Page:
“If you break the same bones over and over, they never heal. Think about that, Matthew, before you try to escape from me again. It’s futile. And I can drive spikes between your tibia and fibula to prove it.”
Benjamin’s sharp nail scored Matthew’s skin. The blood welled to the surface, cold and wet.
“Before we are done, Matthew, I will know everything about you and your witch. Given enough time—and vampires have plenty of that—I will be able to witness every touch you’ve bestowed upon her. I will know what brings her pleasure as well as pain. I will know the power she wields and the secrets of her body. Her vulnerabilities will be as open to me as if her soul were a book.” Benjamin stroked Matthew’s skin, gradually increasing the circulation to his neck. “I could smell her fear in the Bodleian, of course, but now I want to understand it. So afraid, yet so remarkably brave. It will be thrilling to break her.”
Hearts cannot be broken, Matthew reminded himself.
“As I learn about your mate, I will discover so much about you as well,” Benjamin continued.
“There is no better way to know a man than to understand his woman. I learned that from Philippe, as well.”
The gears in Matthew’s brain clinked and clunked. Some awful truth was fighting to make itself known.
“Was Philippe able to tell you about the time he and I spent together during the war? It didn’t go according to my plans. Philippe spoiled so many of them when he visited the witch in the camp—an old Gypsy woman,” Benjamin explained. “Someone tipped him off to my presence, and as usual Philippe took matters into his own hands. The witch stole most of his thoughts, scrambled the rest like eggs, and then hanged herself. It was a setback, to be sure. He had always had such an orderly mind. I had been looking forward to exploring it, in all its complex beauty.”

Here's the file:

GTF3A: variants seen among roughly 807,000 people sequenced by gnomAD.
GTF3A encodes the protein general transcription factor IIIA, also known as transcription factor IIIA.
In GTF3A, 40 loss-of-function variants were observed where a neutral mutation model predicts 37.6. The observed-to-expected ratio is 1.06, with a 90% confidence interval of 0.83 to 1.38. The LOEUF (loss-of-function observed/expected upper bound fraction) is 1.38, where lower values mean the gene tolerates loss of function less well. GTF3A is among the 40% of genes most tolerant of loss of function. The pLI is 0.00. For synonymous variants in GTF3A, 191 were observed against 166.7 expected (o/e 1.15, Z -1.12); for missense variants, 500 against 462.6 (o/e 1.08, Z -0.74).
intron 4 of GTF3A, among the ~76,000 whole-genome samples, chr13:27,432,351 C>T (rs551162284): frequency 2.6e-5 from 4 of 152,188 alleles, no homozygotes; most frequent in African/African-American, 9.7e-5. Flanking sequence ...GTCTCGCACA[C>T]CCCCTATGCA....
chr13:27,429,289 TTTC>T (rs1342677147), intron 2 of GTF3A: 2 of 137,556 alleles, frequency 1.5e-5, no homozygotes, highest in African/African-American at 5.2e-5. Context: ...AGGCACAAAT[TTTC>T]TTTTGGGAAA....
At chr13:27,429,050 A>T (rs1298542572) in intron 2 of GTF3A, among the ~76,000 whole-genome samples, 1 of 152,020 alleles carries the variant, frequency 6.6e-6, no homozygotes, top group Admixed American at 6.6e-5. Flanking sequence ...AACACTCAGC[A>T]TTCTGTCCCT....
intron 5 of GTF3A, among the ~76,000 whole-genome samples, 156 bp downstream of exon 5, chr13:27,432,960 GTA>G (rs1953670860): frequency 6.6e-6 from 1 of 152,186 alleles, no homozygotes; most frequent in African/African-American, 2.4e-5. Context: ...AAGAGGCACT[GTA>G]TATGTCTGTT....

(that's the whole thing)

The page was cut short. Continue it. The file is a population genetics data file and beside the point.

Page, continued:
Matthew’s roar of protest came out as a croak, but the screaming in his head went on and on. This he had not expected.
It had been Benjamin—his son—who had tortured Philippe during the war and not some Nazi functionary.
Benjamin struck Matthew across the face, breaking his cheekbone.
“Quiet. I am telling you a bedtime story.” Benjamin’s fingers pressed into the broken bones of Matthew’s face, playing them like an instrument whose only music was pain. “By the time the commander at Auschwitz released Philippe into my custody, it was too late. After the witch there was only one coherent thing left in that once brilliant mind: Ysabeau. She can be surprisingly sensual, I discovered, for someone so cold.”
As much as Matthew wanted to stop his ears against the words, there was no way to do so.
“Philippe hated his own weakness, but he could not let her go,” Benjamin continued. “Even in the midst of his madness, weeping like a baby, he thought of Ysabeau—all the while knowing I was sharing in his pleasure.” Benjamin smiled, displaying his sharp teeth. “But that’s enough family talk for now. Prepare yourself, Matthew. This is going to hurt.”